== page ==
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Voices on transformation 3 Remaking a government-owned giant

Remaking a governmentowned giant:An interview with the chairman of the State Bank of IndiaOm Prakash Bhatt discusses the transformation of one of Indias oldest banks and reveals how he managed to bring the companys 200,000 employees on board.


Roger Malone

Om Prakash Bhatt is intensely loyal to the State Bank of India (SBI). This was a great bank, and it was seeing relatively bad days, says Bhatt, who joined the bank in 1972 as a probationary officer and was named chairman in 2006. They put me in the chairmans seat, and it was up to me to do something. If not me, who would? SBIthe countrys largest bank by assets had fallen on tough times when Bhatt took


Voices on transformation 3 Remaking a government-owned giant

charge of the state-owned institution. With roots stretching back to 1806, this stalwart of the Indian economy was losing market share to upand-coming private banks and a growing list of foreign players reaching customers with new products and new technologies. State Bank, in which the government has a 60 percent interest, was languishing in inertia. The prescription was innovation, but the challenge centered on getting 200,000 workers stretched across 10,000 branches to take their medicine. Communicating the need for change and shaking this huge corporate behemoth from its lethargy became the critical task ahead of Bhatt. Bhatt, who spoke with McKinsey Quarterly editor Roger Malone in SBIs corporate center, in downtown Mumbai, said its too early to be confident of success, although the bank is slowly regaining market share, posting robust profit growth, and recently became a Fortune Global 500 company. In this interview, Bhatt also describes the banks continuing efforts to improve performance.McKinsey: What was the situation with State

In addition, the banks employees were not energized anymore. They had lost their pride and sense of belonging. From the very top down through the branches, everybody was pulling in different directions. The people werent performing poorly as individuals; they just werent aligned along a common set of objectivesno goals, no vision, no commitment. I didnt like what I saw.McKinsey: How did this come to pass? Om Prakash Bhatt: Until the 1980s, the bank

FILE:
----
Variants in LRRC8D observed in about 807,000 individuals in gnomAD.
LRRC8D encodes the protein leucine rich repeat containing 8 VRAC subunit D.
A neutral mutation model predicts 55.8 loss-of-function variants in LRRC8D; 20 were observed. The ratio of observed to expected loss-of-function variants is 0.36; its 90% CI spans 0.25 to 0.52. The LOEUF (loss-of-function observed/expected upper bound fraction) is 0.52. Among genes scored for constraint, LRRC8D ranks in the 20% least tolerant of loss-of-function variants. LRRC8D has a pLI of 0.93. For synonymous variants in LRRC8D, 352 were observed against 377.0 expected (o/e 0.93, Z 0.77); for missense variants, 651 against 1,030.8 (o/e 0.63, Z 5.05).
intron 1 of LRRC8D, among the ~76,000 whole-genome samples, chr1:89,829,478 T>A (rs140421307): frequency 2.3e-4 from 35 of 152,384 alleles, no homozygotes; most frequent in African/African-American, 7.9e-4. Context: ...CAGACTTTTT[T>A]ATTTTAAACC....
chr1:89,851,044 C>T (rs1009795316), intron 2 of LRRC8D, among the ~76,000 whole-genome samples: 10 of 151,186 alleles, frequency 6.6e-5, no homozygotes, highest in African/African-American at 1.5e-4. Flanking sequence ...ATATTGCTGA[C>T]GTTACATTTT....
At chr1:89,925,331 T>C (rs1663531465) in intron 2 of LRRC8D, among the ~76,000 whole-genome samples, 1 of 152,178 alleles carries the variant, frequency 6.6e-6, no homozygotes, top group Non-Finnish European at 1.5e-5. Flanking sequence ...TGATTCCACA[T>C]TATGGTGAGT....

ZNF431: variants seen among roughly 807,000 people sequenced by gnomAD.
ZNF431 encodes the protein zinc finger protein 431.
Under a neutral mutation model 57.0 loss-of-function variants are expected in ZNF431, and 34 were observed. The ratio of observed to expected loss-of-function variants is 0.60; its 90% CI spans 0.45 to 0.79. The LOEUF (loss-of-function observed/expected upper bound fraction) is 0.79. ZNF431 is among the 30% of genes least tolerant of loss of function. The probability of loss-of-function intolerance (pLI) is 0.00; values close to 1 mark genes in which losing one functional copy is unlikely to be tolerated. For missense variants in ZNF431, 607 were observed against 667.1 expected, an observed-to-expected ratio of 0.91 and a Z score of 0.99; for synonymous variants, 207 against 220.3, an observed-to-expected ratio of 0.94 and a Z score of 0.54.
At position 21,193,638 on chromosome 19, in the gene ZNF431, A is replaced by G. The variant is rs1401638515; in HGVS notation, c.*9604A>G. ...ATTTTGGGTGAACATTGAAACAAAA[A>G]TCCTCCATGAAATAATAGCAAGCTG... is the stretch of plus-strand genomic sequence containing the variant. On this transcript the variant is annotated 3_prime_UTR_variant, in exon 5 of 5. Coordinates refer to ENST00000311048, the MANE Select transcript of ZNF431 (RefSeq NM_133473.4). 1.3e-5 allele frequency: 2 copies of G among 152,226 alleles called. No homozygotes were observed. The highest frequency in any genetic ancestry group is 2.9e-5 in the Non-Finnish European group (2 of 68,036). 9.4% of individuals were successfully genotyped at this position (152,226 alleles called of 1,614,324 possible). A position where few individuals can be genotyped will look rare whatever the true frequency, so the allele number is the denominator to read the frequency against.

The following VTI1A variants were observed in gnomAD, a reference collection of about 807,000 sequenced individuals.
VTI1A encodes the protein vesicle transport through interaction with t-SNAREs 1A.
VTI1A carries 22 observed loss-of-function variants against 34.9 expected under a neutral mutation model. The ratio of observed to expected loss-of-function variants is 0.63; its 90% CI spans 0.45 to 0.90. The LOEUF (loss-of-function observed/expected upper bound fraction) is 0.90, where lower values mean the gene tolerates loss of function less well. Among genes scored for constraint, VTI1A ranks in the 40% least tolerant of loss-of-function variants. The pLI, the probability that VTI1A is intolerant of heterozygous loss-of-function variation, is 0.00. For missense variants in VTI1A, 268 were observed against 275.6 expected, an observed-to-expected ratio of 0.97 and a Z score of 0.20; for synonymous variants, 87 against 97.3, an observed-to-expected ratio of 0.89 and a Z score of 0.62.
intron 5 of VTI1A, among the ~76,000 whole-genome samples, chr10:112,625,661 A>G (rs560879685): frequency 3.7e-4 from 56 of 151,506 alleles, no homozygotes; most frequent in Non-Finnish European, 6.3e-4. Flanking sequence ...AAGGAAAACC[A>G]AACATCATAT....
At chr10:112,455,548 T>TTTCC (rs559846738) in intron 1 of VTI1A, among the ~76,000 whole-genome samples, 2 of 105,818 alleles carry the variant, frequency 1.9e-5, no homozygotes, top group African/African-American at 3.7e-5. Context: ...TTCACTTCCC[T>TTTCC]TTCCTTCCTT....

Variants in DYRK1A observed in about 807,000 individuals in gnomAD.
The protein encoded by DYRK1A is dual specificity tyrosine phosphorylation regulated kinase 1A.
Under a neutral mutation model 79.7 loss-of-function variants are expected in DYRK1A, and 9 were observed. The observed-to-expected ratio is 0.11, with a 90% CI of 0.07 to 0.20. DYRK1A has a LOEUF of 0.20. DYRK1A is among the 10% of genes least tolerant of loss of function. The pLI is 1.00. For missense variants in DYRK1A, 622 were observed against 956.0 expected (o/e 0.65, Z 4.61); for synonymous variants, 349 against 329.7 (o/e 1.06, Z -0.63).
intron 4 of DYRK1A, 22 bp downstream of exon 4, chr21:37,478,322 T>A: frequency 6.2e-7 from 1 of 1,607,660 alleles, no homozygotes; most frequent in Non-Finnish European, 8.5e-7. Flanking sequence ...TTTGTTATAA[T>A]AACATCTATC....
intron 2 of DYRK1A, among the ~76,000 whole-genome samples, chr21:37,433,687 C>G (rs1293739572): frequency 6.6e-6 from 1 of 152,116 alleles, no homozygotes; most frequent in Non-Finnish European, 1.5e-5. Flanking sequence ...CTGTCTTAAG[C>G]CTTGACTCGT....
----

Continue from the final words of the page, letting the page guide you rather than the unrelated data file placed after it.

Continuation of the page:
was doing fine. But toward the end of that decade, the dominance of the private sector began, and by the early 1990s, after liberalization, there was more competition from both private and foreign banks. They came with new technologies and new products, a hunger for the market, a sharp riskand-reward strategy, and without any legacies. SBI carried the legacy of being state owned and having outdated technology, a suspicion of trade unions, and no competitive spirit. Before liberalization, most bankers in India were administrators with little discretion around decision making. The Reserve Bank1 would decide whom to lend to, how much, and at what rate. Everything was predetermined. You did have some freedom, but it was limited. The public-sector banks were not really equipped to predict the future, much less to plan for it. The State Bank was conscious that things were slipping away, and it did try to respond. There was a reorganization effort, but all that did was add another layer of management, which added to the response time within the bank. Signals were getting a little confused, as they were translated from the corporate center down to the branches. Feedback from the branches to the center was weak. There was also an initiative to computerize the branches. It took a fair amount of time for the bank to get this initiative in place. Meanwhile, the market was moving away.

Bank when you were named chairman, in 2006?Om Prakash Bhatt: The bank had been losing

market share steadily for more than two decades. In the early 1970s, we had about a 35 percent market share, but that had fallen to about 15 percent. During the early years of this century, the decline was getting worse. Also, when I joined 37 years ago, the bank had an influential voice in Indiain the economic sphere, in the industry, in government circles. It was an opinion leader. But by 2006, the bank had become just another bank. Maybe it was the largest bank in India in terms of assets,1

The Reserve Bank of India is the countrys central bank.

branch network, customers, but so what? It had lost its voice and its influence significantly.


Om Prakash BhattVital statistics Born March 7, 1951, in Dehra Dun, India Married, with 2 daughters Education Graduated with BS in physics and MA in English from Meerut University (now Chaudhary Charan Singh University) Career highlights State Bank of India (1972present) Chairman (2006 present) Managing director (2006) Managing director, State Bank of Travancore (200506) Chief general manager, north east circle (200405) Fast facts Chairman of the banking and financial institutions committee of the Federation of Indian Chambers of Commerce and Industry (FICCI) Director on the board of EXIM Bank and General Insurance